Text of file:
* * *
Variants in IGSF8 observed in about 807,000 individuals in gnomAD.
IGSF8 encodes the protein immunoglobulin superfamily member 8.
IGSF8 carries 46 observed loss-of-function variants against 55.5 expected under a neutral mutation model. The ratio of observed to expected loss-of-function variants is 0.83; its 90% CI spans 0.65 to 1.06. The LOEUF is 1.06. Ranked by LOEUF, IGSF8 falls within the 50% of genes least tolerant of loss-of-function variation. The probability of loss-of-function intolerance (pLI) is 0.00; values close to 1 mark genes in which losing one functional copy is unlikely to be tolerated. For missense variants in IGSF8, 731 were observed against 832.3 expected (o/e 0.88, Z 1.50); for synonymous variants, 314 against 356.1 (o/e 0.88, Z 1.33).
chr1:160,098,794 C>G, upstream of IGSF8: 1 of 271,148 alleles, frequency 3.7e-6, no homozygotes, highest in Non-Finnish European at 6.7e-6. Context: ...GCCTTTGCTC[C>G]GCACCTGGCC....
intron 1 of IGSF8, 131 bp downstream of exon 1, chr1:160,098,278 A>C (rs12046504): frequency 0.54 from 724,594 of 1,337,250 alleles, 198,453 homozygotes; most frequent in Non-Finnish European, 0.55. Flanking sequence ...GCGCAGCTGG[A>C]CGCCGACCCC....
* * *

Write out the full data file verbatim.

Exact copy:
Variants in IGSF8 observed in about 807,000 individuals in gnomAD.
IGSF8 encodes the protein immunoglobulin superfamily member 8.
IGSF8 carries 46 observed loss-of-function variants against 55.5 expected under a neutral mutation model. The ratio of observed to expected loss-of-function variants is 0.83; its 90% CI spans 0.65 to 1.06. The LOEUF is 1.06. Ranked by LOEUF, IGSF8 falls within the 50% of genes least tolerant of loss-of-function variation. The probability of loss-of-function intolerance (pLI) is 0.00; values close to 1 mark genes in which losing one functional copy is unlikely to be tolerated. For missense variants in IGSF8, 731 were observed against 832.3 expected (o/e 0.88, Z 1.50); for synonymous variants, 314 against 356.1 (o/e 0.88, Z 1.33).
chr1:160,098,794 C>G, upstream of IGSF8: 1 of 271,148 alleles, frequency 3.7e-6, no homozygotes, highest in Non-Finnish European at 6.7e-6. Context: ...GCCTTTGCTC[C>G]GCACCTGGCC....
intron 1 of IGSF8, 131 bp downstream of exon 1, chr1:160,098,278 A>C (rs12046504): frequency 0.54 from 724,594 of 1,337,250 alleles, 198,453 homozygotes; most frequent in Non-Finnish European, 0.55. Flanking sequence ...GCGCAGCTGG[A>C]CGCCGACCCC....